Casting spells is a lot of fun: Each spell has its own characteristic button combination, which you must copy exactly as it comes up on the onscreen prompt. Reducto is mapped to the square button because it is your main attack; however, other spells like wingardium leviosa require you to press the triangle button three times in quick succession. Harder spells, like transfiguration, require a mix--for example, you press the square button twice and then the circle once. This is an interesting way to cast spells--rather than just having them mapped to the existing buttons--and keeps you on your toes throughout the game. The gameplay doesn't actually freeze while you cast spells, which means that you still come under attack during combat. This is actually more enjoyable because of the challenge it sets: It simply means you have to prep yourself to get the button presses right the first time around.
There's no sweeter sound than crashing Lego blocks spewing forth mountains of treasure.
While combat still plays an important part in Lego Harry Potter, the emphasis on exploration and collection means you are encouraged to smash as much of your Lego surroundings as you can in that extremely rewarding gleeful-sense-of-destruction kind of way. Doing this reveals an overwhelming amount treasure, from studs and secret chests to wizard hats and red bricks (which unlock special spells in Free Play mode). Of course, this wouldn't be a Lego game without some light platforming and puzzle-solving. Outside the environmental puzzles you are required to solve to progress through the game, you only encounter two other types of puzzles: a quick-and-easy Lego jigsaw puzzle and one where you are required to match up three pairs of objects in the order you see them. As for the platforming, the game prompts you whenever you need to jump by revealing four small blue arrows on each platform that you need to reach. While neither element is particularly challenging, they're fun all the same, and given that there's so much to do all the time, this aspect is not bothersome.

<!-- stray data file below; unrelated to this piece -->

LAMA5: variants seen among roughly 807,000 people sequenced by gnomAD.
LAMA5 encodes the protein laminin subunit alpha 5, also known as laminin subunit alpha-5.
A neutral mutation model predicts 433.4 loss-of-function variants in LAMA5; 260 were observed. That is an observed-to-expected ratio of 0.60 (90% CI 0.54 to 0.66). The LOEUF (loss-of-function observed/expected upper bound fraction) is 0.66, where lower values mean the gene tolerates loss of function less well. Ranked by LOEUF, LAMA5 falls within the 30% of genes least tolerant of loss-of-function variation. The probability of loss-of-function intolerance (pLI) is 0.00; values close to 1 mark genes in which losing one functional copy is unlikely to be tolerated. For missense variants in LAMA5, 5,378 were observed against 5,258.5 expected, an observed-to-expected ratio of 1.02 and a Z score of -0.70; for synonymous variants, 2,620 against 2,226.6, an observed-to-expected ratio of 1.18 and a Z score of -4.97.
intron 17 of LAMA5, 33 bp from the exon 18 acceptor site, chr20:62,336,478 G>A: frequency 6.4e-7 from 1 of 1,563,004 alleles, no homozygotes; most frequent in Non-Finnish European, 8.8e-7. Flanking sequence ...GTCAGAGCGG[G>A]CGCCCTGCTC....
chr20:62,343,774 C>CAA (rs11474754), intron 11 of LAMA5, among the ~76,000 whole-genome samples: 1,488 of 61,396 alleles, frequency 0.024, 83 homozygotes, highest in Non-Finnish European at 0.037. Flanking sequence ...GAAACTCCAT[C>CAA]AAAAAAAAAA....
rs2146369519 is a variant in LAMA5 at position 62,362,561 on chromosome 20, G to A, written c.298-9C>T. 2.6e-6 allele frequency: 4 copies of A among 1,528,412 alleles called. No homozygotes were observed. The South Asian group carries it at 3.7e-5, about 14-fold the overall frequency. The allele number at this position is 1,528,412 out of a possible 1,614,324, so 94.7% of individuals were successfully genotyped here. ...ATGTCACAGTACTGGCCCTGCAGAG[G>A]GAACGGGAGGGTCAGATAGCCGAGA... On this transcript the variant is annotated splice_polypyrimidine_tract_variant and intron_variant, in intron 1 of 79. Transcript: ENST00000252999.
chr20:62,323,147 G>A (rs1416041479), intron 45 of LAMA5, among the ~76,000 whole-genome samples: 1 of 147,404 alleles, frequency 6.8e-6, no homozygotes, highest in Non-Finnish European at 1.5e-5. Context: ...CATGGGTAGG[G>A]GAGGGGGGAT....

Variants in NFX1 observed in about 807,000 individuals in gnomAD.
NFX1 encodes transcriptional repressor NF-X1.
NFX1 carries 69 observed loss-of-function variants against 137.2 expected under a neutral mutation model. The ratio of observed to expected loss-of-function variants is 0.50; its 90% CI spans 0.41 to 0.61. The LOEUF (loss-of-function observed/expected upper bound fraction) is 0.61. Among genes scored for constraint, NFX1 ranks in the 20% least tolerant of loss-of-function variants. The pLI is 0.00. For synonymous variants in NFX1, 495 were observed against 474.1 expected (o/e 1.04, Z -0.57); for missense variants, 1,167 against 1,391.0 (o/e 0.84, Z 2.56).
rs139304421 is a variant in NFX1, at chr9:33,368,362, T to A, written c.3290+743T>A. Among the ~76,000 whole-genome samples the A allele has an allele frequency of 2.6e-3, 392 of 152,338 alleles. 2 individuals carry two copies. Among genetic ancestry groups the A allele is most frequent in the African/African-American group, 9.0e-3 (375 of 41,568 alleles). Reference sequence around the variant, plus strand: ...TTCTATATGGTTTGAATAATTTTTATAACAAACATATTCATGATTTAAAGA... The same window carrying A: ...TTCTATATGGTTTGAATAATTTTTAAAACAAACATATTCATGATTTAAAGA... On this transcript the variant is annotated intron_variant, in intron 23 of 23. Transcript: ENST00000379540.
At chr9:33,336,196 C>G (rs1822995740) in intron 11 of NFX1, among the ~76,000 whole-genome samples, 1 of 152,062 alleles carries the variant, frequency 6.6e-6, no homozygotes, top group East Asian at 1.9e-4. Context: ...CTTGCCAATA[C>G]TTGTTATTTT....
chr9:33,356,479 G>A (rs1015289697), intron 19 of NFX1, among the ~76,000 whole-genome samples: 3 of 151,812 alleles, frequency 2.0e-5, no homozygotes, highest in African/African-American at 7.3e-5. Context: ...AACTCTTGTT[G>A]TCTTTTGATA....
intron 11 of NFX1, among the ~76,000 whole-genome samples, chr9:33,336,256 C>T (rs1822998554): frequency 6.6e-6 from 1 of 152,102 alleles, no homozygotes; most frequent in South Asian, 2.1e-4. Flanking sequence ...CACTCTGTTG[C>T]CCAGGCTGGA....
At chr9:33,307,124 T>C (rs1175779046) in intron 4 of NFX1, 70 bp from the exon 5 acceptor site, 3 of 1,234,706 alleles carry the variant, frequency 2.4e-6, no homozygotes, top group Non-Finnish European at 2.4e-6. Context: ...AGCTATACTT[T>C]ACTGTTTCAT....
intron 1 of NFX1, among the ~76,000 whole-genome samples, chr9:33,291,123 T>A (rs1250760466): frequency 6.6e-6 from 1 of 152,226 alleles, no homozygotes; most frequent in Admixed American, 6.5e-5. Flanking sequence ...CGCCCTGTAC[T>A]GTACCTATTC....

What is bothersome is the game's uneven combat difficulty. By far, the toughest battle in the game takes place between Harry and Draco Malfoy during the middle of Year 2, where Harry must defeat Draco in a series of short fights that test the repertoire of spells you've learned up to that point. By contrast, one of the easiest battles in the game is the final one, where Harry must defeat Lord Voldemort (or Voldy, if you will) at the end of Year 4. The fact that this battle is so unchallenging and over so quickly is disappointing and deeply unrewarding. This is not the only instance of this: More often than not, Harry faces his toughest fights at the most random moments, with no real explanation as to why, which makes things feel slightly disjointed from time to time. The game can also be a little behind the action: Sometimes it can take up to five or six seconds for the game to catch up and update the map with your next task after an objective has been completed. There are also some instances of slow loading times, but this doesn't happen often and isn't enough to take you out of the experience when it does occur.
Lego Harry Potter: Years 1-4 for the PSP is an exciting adventure with loads of variety and replay value. There are rich environments to be explored, countless studs to be collected, and a wide array of spells to learn and practice. If you're willing to forgive the minor glitches and focus on the carefully constructed narrative and diverse gameplay with all its characteristic Lego idiosyncrasies, you'll have a wizard of a time.